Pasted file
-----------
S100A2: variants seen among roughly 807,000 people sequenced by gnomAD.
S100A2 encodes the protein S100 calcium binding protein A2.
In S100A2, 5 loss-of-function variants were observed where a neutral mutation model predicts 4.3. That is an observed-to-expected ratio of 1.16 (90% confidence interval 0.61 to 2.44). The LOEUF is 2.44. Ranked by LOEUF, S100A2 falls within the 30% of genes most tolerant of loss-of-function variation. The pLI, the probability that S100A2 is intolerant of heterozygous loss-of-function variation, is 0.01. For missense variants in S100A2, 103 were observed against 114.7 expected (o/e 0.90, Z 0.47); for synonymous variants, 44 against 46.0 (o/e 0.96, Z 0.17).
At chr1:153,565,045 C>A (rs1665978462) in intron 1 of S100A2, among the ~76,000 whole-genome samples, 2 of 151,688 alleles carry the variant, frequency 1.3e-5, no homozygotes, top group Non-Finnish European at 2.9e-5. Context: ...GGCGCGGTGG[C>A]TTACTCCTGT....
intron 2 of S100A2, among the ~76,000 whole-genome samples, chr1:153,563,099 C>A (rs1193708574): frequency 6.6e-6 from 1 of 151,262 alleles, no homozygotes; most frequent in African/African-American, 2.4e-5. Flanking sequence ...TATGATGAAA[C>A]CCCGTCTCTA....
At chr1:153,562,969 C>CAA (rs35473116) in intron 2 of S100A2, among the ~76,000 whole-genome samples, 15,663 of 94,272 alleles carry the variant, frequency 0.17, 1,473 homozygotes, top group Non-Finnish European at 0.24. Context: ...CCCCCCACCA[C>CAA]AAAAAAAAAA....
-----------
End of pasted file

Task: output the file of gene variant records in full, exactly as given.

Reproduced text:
S100A2: variants seen among roughly 807,000 people sequenced by gnomAD.
S100A2 encodes the protein S100 calcium binding protein A2.
In S100A2, 5 loss-of-function variants were observed where a neutral mutation model predicts 4.3. That is an observed-to-expected ratio of 1.16 (90% confidence interval 0.61 to 2.44). The LOEUF is 2.44. Ranked by LOEUF, S100A2 falls within the 30% of genes most tolerant of loss-of-function variation. The pLI, the probability that S100A2 is intolerant of heterozygous loss-of-function variation, is 0.01. For missense variants in S100A2, 103 were observed against 114.7 expected (o/e 0.90, Z 0.47); for synonymous variants, 44 against 46.0 (o/e 0.96, Z 0.17).
At chr1:153,565,045 C>A (rs1665978462) in intron 1 of S100A2, among the ~76,000 whole-genome samples, 2 of 151,688 alleles carry the variant, frequency 1.3e-5, no homozygotes, top group Non-Finnish European at 2.9e-5. Context: ...GGCGCGGTGG[C>A]TTACTCCTGT....
intron 2 of S100A2, among the ~76,000 whole-genome samples, chr1:153,563,099 C>A (rs1193708574): frequency 6.6e-6 from 1 of 151,262 alleles, no homozygotes; most frequent in African/African-American, 2.4e-5. Flanking sequence ...TATGATGAAA[C>A]CCCGTCTCTA....
At chr1:153,562,969 C>CAA (rs35473116) in intron 2 of S100A2, among the ~76,000 whole-genome samples, 15,663 of 94,272 alleles carry the variant, frequency 0.17, 1,473 homozygotes, top group Non-Finnish European at 0.24. Context: ...CCCCCCACCA[C>CAA]AAAAAAAAAA....